Finding the orthogonal projection of a vector without an orthogonal basis

In summary, the conversation discusses a result in euclidean spaces where a subspace of finite dimension can be represented as a span of vectors. The result states that for any element x in the space, its orthogonal projection onto the subspace is equivalent to the inner product of x and the vectors in the subspace being equal to 0. The post also mentions that this result is more general than just for orthogonal families of vectors.
  • #1
AimaneSN
5
1
Hi there,

I am currently reading a course on euclidian spaces and I came across this result that I am struggling to prove :

Let ##F## be a subspace of ##E## (of finite dimension) such that ##F=span(e_1, e_2, ..., e_p)## (not necessarily an orthogonal family of vectors), let ##x \in E##

Then we have:

##\forall y \in F## : ##y=p_F(x) \Leftrightarrow \forall i= 1,...,p : (x-y,e_i) = 0##

where ##(.,.)## denotes an inner product
and the linear map ##p_F## is the orthogonal projection onto ##F##.

I managed to prove the equivalence only when the family of the vectors ##(e_i)## is orthogonal but the result is more general.

Thank you and I would appreciate any hint or help.
 
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  • #2
The inner product ##(x-y,e_i)## is zero for all ##i## if and only if ##x-y\in F^\perp## if and only if ##x## is of the form ##x=y+z## where ##z\in F^{\perp}## if and only if ##y## is the orthogonal projection of ##x## onto ##F##.

Your post was a bit of effort to read- it would be better to use latex.
 
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Likes AimaneSN
  • #3
Thank you for your reply, it's much clearer now. I just modified my post using Latex code.
 
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Likes WWGD
  • #4
OP: Notice you can always use Gram-Schmidt to orthogonalize your basis vectors, and this won't affect the span .
 
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Related to Finding the orthogonal projection of a vector without an orthogonal basis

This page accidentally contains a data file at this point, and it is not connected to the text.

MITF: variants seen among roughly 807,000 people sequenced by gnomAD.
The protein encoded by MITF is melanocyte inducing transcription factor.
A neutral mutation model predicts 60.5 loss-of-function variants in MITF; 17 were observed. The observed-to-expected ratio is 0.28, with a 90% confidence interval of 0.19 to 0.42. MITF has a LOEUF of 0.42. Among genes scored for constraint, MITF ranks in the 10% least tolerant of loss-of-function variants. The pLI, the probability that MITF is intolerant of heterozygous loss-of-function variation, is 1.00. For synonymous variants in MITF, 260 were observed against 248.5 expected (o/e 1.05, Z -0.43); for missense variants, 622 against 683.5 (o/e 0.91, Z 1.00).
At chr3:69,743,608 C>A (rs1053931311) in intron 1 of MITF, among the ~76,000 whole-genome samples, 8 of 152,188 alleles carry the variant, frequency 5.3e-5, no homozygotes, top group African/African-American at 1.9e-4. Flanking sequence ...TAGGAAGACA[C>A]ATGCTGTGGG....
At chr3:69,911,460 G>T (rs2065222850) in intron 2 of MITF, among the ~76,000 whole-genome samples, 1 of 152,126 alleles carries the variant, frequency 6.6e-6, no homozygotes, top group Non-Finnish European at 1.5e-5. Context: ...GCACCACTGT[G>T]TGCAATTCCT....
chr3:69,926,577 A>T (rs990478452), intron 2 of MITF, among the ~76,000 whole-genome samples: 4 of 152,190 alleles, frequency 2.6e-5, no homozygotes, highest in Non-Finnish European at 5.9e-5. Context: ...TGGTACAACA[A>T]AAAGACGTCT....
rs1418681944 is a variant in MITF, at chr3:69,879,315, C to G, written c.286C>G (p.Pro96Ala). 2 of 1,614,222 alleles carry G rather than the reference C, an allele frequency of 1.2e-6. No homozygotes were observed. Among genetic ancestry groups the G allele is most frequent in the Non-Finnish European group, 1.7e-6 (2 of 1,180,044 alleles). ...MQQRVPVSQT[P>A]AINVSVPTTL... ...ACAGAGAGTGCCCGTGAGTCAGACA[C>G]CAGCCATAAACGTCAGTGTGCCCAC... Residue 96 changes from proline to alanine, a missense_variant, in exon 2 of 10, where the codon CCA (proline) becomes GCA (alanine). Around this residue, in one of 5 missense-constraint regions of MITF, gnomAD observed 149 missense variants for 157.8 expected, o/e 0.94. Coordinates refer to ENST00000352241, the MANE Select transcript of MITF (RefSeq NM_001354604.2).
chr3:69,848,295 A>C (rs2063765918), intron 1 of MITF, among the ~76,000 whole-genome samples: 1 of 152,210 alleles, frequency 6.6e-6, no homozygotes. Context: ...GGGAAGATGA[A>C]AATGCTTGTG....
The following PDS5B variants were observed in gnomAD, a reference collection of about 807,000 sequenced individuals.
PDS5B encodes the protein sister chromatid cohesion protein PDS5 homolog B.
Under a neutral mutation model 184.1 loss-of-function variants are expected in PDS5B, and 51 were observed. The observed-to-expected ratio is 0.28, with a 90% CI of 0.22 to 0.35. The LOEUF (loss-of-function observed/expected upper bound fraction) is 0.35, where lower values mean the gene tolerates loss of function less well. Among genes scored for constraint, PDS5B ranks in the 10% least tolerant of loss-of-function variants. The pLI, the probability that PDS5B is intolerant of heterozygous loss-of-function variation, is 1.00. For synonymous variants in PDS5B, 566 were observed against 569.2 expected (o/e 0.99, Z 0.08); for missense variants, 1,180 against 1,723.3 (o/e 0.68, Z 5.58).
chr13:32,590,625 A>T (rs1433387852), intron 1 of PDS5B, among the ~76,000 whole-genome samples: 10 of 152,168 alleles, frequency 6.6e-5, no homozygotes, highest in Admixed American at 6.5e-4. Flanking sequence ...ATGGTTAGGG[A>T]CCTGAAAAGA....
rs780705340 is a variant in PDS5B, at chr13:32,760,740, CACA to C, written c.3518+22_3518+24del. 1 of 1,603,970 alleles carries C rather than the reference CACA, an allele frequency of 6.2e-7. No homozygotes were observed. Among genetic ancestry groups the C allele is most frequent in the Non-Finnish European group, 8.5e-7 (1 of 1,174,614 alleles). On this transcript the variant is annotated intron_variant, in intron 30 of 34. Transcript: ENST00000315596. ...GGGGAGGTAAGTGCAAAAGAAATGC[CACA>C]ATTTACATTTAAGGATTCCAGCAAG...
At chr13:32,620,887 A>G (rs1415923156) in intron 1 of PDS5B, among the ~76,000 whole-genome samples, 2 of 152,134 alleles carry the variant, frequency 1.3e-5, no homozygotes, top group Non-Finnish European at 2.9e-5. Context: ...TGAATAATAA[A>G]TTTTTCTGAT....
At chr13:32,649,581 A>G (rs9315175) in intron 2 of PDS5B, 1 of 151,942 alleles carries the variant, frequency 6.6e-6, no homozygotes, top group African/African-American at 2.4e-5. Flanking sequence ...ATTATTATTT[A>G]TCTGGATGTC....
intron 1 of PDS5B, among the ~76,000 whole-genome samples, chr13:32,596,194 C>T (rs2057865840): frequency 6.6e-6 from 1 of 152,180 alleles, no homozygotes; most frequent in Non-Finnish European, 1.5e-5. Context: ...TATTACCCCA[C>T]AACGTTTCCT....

What is an orthogonal projection of a vector?

An orthogonal projection of a vector is a process of finding a vector that is perpendicular to a given vector and lies on a given subspace.

Why is an orthogonal projection important in scientific research?

An orthogonal projection is important in scientific research because it allows us to break down a complex vector into simpler components, making it easier to analyze and understand.

What is an orthogonal basis?

An orthogonal basis is a set of vectors that are mutually perpendicular and span a given subspace. In other words, each vector in the basis is orthogonal to all other vectors in the basis.

Can a vector have an orthogonal projection without an orthogonal basis?

Yes, a vector can have an orthogonal projection without an orthogonal basis. This can be achieved by using the Gram-Schmidt process to find an orthonormal basis for the subspace that the vector is being projected onto.

How do you find the orthogonal projection of a vector without an orthogonal basis?

To find the orthogonal projection of a vector without an orthogonal basis, you can use the formula:
projuv = (v · u) / (u · u) * u
where u is a unit vector in the direction of the subspace and v is the vector being projected.

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